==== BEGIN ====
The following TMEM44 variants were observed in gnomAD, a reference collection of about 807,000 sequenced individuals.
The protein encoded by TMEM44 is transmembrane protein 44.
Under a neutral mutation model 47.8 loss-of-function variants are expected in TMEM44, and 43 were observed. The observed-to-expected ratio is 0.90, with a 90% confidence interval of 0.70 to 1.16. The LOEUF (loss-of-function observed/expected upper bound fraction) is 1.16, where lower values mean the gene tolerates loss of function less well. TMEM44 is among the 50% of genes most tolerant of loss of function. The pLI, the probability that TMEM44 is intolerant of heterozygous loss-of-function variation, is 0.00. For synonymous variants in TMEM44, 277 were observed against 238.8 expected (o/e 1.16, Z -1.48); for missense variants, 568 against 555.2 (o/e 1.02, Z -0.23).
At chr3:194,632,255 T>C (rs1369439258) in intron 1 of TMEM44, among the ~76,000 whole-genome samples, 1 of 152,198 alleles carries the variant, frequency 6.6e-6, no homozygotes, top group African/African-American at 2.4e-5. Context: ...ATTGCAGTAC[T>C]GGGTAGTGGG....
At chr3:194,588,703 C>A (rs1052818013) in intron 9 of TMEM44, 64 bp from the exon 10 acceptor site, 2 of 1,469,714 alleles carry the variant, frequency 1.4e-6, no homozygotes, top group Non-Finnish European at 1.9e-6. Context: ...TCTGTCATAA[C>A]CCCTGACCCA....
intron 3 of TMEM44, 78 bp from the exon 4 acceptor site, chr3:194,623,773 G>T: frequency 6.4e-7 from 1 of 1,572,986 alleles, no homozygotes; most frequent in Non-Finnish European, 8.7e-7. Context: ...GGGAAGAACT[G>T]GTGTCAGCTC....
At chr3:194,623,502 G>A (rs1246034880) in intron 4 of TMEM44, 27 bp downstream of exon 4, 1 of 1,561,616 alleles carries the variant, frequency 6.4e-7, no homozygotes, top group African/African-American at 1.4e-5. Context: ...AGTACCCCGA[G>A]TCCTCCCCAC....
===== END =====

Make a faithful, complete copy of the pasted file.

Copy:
The following TMEM44 variants were observed in gnomAD, a reference collection of about 807,000 sequenced individuals.
The protein encoded by TMEM44 is transmembrane protein 44.
Under a neutral mutation model 47.8 loss-of-function variants are expected in TMEM44, and 43 were observed. The observed-to-expected ratio is 0.90, with a 90% confidence interval of 0.70 to 1.16. The LOEUF (loss-of-function observed/expected upper bound fraction) is 1.16, where lower values mean the gene tolerates loss of function less well. TMEM44 is among the 50% of genes most tolerant of loss of function. The pLI, the probability that TMEM44 is intolerant of heterozygous loss-of-function variation, is 0.00. For synonymous variants in TMEM44, 277 were observed against 238.8 expected (o/e 1.16, Z -1.48); for missense variants, 568 against 555.2 (o/e 1.02, Z -0.23).
At chr3:194,632,255 T>C (rs1369439258) in intron 1 of TMEM44, among the ~76,000 whole-genome samples, 1 of 152,198 alleles carries the variant, frequency 6.6e-6, no homozygotes, top group African/African-American at 2.4e-5. Context: ...ATTGCAGTAC[T>C]GGGTAGTGGG....
At chr3:194,588,703 C>A (rs1052818013) in intron 9 of TMEM44, 64 bp from the exon 10 acceptor site, 2 of 1,469,714 alleles carry the variant, frequency 1.4e-6, no homozygotes, top group Non-Finnish European at 1.9e-6. Context: ...TCTGTCATAA[C>A]CCCTGACCCA....
intron 3 of TMEM44, 78 bp from the exon 4 acceptor site, chr3:194,623,773 G>T: frequency 6.4e-7 from 1 of 1,572,986 alleles, no homozygotes; most frequent in Non-Finnish European, 8.7e-7. Context: ...GGGAAGAACT[G>T]GTGTCAGCTC....
At chr3:194,623,502 G>A (rs1246034880) in intron 4 of TMEM44, 27 bp downstream of exon 4, 1 of 1,561,616 alleles carries the variant, frequency 6.4e-7, no homozygotes, top group African/African-American at 1.4e-5. Context: ...AGTACCCCGA[G>A]TCCTCCCCAC....